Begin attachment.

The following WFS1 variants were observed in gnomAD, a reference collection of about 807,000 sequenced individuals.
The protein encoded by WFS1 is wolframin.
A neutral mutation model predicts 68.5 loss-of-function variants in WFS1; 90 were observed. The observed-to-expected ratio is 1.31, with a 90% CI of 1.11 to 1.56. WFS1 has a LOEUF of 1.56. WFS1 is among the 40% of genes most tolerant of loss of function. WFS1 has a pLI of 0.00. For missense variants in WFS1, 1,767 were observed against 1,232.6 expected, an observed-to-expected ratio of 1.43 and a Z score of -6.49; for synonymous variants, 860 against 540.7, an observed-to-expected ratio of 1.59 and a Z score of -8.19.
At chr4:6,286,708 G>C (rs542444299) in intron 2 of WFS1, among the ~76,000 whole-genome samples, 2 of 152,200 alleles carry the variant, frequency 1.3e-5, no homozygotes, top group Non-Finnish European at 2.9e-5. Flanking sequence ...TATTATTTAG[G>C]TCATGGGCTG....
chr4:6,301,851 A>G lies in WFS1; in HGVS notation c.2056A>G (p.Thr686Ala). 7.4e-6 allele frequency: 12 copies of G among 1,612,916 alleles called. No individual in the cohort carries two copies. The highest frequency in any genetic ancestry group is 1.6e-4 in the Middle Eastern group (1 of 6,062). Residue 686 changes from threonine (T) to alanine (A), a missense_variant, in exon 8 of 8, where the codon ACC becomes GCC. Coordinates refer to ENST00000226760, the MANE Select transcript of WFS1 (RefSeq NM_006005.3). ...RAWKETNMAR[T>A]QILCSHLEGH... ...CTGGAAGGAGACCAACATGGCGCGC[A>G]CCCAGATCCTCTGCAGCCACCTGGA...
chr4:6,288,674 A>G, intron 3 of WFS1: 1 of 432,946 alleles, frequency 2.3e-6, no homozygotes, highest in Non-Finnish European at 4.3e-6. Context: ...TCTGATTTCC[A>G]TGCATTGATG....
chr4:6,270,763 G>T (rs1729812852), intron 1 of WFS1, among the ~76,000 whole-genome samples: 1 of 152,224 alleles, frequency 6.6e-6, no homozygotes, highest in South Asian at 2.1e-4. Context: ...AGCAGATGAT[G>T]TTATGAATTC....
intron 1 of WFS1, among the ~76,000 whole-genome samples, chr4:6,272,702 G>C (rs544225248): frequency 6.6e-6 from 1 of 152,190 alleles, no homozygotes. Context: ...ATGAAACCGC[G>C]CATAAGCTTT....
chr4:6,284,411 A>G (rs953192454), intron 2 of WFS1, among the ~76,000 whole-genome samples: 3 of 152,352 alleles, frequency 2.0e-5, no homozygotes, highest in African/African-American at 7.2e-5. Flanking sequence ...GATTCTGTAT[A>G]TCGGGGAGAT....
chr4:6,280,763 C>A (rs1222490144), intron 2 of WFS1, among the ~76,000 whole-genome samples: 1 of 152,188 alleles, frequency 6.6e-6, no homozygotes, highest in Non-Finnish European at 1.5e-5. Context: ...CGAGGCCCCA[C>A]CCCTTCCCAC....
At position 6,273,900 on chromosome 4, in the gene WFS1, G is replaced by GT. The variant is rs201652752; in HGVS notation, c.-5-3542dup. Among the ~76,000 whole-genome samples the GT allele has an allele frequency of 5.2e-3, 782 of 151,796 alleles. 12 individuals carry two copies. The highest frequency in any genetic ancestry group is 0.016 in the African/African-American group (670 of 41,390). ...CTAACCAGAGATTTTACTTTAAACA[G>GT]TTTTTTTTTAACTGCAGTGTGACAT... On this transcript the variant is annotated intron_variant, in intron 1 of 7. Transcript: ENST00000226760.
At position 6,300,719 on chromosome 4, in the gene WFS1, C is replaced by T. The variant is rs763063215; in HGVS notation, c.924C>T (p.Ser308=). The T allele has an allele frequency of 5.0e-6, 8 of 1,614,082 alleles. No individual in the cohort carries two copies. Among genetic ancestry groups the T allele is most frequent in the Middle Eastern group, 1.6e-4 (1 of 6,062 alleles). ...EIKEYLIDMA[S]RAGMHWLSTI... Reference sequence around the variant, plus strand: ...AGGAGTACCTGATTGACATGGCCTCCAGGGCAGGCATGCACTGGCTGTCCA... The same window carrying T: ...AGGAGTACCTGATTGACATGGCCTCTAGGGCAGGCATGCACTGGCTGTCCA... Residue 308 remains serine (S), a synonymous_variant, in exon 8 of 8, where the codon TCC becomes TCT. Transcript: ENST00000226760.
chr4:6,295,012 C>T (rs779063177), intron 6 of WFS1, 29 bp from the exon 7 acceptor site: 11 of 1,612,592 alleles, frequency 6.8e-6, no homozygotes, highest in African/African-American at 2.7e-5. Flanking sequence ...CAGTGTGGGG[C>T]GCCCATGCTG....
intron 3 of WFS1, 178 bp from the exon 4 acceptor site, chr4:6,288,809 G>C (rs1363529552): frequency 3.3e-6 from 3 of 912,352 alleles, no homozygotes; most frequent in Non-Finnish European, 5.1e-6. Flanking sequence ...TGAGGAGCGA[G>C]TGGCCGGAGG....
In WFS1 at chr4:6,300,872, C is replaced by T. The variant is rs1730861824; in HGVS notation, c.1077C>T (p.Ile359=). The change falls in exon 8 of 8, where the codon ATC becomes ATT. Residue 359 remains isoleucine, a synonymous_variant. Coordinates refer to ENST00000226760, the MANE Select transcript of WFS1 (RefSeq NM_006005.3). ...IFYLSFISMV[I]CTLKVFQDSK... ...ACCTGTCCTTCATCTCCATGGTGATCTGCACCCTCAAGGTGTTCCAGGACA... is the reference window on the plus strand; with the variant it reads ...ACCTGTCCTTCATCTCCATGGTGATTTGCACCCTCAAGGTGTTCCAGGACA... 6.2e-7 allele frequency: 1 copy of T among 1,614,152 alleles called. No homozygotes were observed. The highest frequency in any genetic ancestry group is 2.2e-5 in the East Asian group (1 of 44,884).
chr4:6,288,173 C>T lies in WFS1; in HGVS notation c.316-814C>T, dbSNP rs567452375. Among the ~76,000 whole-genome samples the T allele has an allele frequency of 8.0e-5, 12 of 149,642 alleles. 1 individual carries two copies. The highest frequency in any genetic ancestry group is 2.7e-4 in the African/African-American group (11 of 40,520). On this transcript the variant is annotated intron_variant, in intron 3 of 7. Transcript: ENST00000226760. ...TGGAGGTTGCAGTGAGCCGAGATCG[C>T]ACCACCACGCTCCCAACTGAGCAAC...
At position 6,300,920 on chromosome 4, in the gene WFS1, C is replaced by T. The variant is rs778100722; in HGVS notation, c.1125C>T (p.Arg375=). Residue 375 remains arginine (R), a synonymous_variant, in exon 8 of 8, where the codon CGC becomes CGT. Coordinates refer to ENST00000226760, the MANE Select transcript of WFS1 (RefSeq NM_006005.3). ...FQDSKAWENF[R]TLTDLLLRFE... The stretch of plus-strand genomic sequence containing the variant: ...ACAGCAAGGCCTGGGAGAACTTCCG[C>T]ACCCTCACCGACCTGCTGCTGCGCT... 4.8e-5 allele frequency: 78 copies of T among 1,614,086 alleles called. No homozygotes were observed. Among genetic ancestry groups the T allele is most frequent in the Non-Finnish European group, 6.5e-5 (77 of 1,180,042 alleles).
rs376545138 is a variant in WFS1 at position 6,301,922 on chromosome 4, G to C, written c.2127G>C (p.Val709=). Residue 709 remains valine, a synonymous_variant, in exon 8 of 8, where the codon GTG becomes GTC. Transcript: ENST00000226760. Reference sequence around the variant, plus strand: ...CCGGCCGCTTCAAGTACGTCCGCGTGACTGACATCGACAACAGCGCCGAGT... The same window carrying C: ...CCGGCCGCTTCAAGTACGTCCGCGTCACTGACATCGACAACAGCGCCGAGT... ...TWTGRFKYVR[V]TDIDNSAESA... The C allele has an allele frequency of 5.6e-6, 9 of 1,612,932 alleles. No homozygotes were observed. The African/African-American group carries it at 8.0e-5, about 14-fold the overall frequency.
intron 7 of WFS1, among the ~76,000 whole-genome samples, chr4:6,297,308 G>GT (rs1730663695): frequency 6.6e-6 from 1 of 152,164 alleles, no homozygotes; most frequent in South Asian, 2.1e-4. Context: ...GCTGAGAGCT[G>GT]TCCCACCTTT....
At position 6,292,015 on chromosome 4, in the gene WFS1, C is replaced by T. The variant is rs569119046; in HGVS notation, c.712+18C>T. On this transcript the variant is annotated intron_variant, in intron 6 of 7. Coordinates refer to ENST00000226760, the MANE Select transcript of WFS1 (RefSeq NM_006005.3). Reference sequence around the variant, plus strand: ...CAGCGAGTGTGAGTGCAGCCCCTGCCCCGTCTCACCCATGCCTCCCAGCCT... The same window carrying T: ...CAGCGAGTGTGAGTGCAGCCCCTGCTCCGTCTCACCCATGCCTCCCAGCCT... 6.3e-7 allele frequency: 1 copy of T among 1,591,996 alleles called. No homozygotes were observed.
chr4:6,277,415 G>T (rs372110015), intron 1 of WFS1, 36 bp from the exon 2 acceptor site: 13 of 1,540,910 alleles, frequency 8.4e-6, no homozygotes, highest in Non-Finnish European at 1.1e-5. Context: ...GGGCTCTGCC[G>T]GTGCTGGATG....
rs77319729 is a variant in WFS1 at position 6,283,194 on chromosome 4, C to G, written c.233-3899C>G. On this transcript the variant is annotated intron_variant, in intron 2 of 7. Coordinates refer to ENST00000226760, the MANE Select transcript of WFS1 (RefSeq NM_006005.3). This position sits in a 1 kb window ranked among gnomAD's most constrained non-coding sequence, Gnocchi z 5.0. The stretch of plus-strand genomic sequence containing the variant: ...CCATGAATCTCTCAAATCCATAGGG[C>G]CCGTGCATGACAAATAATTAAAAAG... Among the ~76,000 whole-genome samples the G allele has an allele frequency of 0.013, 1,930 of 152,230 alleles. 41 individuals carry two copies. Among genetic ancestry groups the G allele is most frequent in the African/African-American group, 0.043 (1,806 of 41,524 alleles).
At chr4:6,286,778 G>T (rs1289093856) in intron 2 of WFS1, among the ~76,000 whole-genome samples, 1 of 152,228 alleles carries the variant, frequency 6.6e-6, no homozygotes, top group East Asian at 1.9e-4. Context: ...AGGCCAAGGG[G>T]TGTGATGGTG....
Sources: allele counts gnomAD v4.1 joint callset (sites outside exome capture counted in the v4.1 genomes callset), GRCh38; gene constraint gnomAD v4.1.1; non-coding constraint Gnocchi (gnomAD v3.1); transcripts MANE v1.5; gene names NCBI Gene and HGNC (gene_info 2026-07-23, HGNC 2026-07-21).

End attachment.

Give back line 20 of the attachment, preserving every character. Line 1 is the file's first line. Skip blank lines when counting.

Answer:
At position 6,292,015 on chromosome 4, in the gene WFS1, C is replaced by T. The variant is rs569119046; in HGVS notation, c.712+18C>T. On this transcript the variant is annotated intron_variant, in intron 6 of 7. Coordinates refer to ENST00000226760, the MANE Select transcript of WFS1 (RefSeq NM_006005.3). Reference sequence around the variant, plus strand: ...CAGCGAGTGTGAGTGCAGCCCCTGCCCCGTCTCACCCATGCCTCCCAGCCT... The same window carrying T: ...CAGCGAGTGTGAGTGCAGCCCCTGCTCCGTCTCACCCATGCCTCCCAGCCT... 6.3e-7 allele frequency: 1 copy of T among 1,591,996 alleles called. No homozygotes were observed.